New project assesses mine risks in Croatia after the catastrophic floods

29 Jul 2014

imagePHOTO: UNDP CROATIA


Devastating floods that struck Croatia in May 2014 submerged entire villages and affected 15,000 people. After the floodwater withdrew, devastation remained. Lives were lost, livestock was lost, homes and properties were destroyed and now swarms of mosquitoes are a part of everyday life for the people from the flooded areas. On top of that, there was the risk of landmines and other unexploded remnants of war potentially migrating due to the extreme flooding. 

The Croatian Mine Action Centre (CROMAC) identified a total of 2.244,957 square meters of mine suspected hazardous area in the municipalities of Gunja, Vrbanja and Nijemci (Vukovar -Sirmium County) that were hit by the floods. There was a justified fear that the mine warning signs were destroyed or washed away, or that an even larger area than originally presumed is now infested with mines. 

Deeply concerned by this situation, the United Nations Development Programme (UNDP) in Croatia started a new project called “Immediate response to the 2014 floods in Croatia“ to develop a needs assessment for the flooded suspected hazardous areas, and recommend immediate, medium and long-term recovery strategies to aid the safe return of people affected by the floods and the reduce the impact of future flooding in known mined areas.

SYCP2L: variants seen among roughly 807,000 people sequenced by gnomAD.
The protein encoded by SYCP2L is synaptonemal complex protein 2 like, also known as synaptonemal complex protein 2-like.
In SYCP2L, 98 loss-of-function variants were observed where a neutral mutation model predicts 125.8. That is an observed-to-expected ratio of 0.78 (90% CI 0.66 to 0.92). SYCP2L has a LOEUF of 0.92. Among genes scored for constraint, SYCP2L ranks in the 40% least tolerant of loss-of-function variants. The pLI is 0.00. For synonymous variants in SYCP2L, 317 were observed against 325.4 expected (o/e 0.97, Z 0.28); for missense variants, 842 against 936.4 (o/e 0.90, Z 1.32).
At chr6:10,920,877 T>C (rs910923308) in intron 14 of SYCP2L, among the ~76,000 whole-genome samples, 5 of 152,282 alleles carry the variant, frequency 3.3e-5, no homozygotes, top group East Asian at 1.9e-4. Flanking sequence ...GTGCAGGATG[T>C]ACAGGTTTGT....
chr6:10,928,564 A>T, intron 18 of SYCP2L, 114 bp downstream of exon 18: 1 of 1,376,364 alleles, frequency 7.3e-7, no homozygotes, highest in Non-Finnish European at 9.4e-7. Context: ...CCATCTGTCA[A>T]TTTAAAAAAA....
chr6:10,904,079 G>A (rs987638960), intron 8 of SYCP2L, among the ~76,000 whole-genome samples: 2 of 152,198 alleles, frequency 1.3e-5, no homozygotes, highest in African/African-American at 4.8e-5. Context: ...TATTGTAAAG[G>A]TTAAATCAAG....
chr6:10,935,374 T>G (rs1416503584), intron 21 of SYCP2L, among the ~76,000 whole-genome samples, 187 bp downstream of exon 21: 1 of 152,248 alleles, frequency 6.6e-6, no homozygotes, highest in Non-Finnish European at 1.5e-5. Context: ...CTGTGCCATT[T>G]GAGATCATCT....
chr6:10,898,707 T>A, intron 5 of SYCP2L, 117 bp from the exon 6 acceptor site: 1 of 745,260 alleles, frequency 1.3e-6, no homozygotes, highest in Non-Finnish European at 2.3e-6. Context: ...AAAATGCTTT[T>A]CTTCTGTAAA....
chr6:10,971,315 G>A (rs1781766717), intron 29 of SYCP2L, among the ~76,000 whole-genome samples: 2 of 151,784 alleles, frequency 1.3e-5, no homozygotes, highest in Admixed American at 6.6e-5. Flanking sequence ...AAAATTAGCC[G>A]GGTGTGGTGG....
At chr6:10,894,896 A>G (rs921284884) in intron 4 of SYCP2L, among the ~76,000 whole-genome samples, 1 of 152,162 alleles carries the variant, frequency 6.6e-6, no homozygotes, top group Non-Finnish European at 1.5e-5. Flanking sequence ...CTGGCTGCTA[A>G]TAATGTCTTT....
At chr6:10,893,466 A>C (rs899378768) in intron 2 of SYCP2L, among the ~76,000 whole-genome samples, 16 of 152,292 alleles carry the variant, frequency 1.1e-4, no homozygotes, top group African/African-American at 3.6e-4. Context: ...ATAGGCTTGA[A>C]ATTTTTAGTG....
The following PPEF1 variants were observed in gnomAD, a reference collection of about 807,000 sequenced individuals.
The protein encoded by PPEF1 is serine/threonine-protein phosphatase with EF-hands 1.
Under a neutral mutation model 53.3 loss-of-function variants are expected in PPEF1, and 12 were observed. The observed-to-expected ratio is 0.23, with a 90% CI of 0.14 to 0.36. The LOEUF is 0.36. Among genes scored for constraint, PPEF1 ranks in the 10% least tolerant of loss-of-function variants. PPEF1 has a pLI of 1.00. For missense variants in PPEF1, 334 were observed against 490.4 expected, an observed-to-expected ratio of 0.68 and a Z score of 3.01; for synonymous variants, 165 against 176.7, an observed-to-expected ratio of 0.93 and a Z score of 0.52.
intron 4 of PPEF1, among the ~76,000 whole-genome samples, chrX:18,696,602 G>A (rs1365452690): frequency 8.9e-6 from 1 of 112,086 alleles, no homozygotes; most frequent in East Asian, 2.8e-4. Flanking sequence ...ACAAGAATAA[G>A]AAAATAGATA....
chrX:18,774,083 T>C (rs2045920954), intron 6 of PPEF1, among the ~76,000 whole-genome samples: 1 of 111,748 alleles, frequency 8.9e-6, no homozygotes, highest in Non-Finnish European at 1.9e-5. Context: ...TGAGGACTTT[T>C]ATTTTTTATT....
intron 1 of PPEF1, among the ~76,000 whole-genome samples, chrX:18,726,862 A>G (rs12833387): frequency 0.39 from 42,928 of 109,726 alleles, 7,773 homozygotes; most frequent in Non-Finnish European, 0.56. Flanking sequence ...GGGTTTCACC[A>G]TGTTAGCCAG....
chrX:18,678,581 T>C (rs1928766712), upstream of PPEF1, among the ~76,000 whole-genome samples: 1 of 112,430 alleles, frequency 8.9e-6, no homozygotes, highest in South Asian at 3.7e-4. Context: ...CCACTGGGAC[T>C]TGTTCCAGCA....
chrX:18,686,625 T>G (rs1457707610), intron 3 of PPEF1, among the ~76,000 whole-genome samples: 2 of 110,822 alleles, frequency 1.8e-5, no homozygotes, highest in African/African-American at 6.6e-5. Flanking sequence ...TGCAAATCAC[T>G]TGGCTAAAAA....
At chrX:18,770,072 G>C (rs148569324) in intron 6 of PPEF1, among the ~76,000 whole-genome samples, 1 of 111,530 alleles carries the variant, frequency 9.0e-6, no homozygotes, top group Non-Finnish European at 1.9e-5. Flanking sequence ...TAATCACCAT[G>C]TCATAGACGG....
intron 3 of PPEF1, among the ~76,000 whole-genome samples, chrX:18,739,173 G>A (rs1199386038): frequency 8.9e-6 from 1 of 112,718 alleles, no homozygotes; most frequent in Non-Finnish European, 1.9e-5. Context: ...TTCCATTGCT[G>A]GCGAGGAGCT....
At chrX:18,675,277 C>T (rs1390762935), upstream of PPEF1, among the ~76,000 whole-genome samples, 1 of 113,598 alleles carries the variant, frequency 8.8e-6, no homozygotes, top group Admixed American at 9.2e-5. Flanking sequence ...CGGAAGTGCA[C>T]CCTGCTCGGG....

In the early phase of the project, UNDP conducted an assessment mission with Croatian partners to determine the need for immediate re-surveying, mine marking and gathering of mine risk information as well as the medium and longer term steps required for recovery. 

“We want to highlight the need to survey and clear the flooded minefields to ensure they pose no impediment to the safe return of the affected people after the terrible disaster they have suffered. Until they have been cleared, mines will always remain a danger, and in cases of disasters like these further complicate an already difficult situation,” says Belinda Goslin, UNDP’s consultant on mine action/disaster risk reduction. 

In line with the international humanitarian appeal issued by the Ministry of Foreign and European Affairs, UNDP Croatia has also ceded a car for this project. The car will assist in spraying swarms of mosquitoes that hinder the work of numerous volunteers and construction workers. 

The project “Immediate response to the 2014 floods in Croatia” is carried out in partnership with the Government Office of Mine Action, the Croatian Mine Action Centre (CROMAC), the National Protection and Rescue Directorate and Vukovar-Sirmium Country, and it will be implemented until May 2015.